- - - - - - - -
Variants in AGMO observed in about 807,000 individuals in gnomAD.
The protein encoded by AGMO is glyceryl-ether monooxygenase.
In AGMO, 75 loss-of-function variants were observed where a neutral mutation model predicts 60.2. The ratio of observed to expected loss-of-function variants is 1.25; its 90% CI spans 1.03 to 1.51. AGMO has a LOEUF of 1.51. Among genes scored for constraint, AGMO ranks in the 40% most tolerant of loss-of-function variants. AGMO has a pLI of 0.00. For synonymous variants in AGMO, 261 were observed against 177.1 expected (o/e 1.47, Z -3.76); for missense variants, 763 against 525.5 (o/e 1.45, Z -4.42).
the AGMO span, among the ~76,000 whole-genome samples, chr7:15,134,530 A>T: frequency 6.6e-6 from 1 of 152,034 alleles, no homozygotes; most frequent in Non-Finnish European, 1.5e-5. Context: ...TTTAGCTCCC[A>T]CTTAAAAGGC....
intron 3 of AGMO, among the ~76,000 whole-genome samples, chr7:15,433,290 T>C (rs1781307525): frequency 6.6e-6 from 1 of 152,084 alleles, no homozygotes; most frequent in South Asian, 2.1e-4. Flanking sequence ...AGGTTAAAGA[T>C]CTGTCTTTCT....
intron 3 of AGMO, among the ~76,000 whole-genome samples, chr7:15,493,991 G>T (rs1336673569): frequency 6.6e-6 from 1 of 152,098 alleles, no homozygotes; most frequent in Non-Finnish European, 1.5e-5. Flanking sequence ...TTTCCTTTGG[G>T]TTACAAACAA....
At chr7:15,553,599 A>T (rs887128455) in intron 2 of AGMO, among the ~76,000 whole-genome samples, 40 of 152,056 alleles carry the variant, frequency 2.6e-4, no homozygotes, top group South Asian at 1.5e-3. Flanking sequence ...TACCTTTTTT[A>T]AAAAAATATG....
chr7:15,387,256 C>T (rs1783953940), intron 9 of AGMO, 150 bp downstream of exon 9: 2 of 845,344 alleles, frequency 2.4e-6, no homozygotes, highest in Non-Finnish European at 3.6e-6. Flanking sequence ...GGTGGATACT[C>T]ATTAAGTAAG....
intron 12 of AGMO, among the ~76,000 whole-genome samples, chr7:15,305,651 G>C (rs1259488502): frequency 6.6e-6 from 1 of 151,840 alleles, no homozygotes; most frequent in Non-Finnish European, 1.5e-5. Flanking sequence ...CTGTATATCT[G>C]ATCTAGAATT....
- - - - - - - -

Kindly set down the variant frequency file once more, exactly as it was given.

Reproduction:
Variants in AGMO observed in about 807,000 individuals in gnomAD.
The protein encoded by AGMO is glyceryl-ether monooxygenase.
In AGMO, 75 loss-of-function variants were observed where a neutral mutation model predicts 60.2. The ratio of observed to expected loss-of-function variants is 1.25; its 90% CI spans 1.03 to 1.51. AGMO has a LOEUF of 1.51. Among genes scored for constraint, AGMO ranks in the 40% most tolerant of loss-of-function variants. AGMO has a pLI of 0.00. For synonymous variants in AGMO, 261 were observed against 177.1 expected (o/e 1.47, Z -3.76); for missense variants, 763 against 525.5 (o/e 1.45, Z -4.42).
the AGMO span, among the ~76,000 whole-genome samples, chr7:15,134,530 A>T: frequency 6.6e-6 from 1 of 152,034 alleles, no homozygotes; most frequent in Non-Finnish European, 1.5e-5. Context: ...TTTAGCTCCC[A>T]CTTAAAAGGC....
intron 3 of AGMO, among the ~76,000 whole-genome samples, chr7:15,433,290 T>C (rs1781307525): frequency 6.6e-6 from 1 of 152,084 alleles, no homozygotes; most frequent in South Asian, 2.1e-4. Flanking sequence ...AGGTTAAAGA[T>C]CTGTCTTTCT....
intron 3 of AGMO, among the ~76,000 whole-genome samples, chr7:15,493,991 G>T (rs1336673569): frequency 6.6e-6 from 1 of 152,098 alleles, no homozygotes; most frequent in Non-Finnish European, 1.5e-5. Flanking sequence ...TTTCCTTTGG[G>T]TTACAAACAA....
At chr7:15,553,599 A>T (rs887128455) in intron 2 of AGMO, among the ~76,000 whole-genome samples, 40 of 152,056 alleles carry the variant, frequency 2.6e-4, no homozygotes, top group South Asian at 1.5e-3. Flanking sequence ...TACCTTTTTT[A>T]AAAAAATATG....
chr7:15,387,256 C>T (rs1783953940), intron 9 of AGMO, 150 bp downstream of exon 9: 2 of 845,344 alleles, frequency 2.4e-6, no homozygotes, highest in Non-Finnish European at 3.6e-6. Flanking sequence ...GGTGGATACT[C>T]ATTAAGTAAG....
intron 12 of AGMO, among the ~76,000 whole-genome samples, chr7:15,305,651 G>C (rs1259488502): frequency 6.6e-6 from 1 of 151,840 alleles, no homozygotes; most frequent in Non-Finnish European, 1.5e-5. Flanking sequence ...CTGTATATCT[G>C]ATCTAGAATT....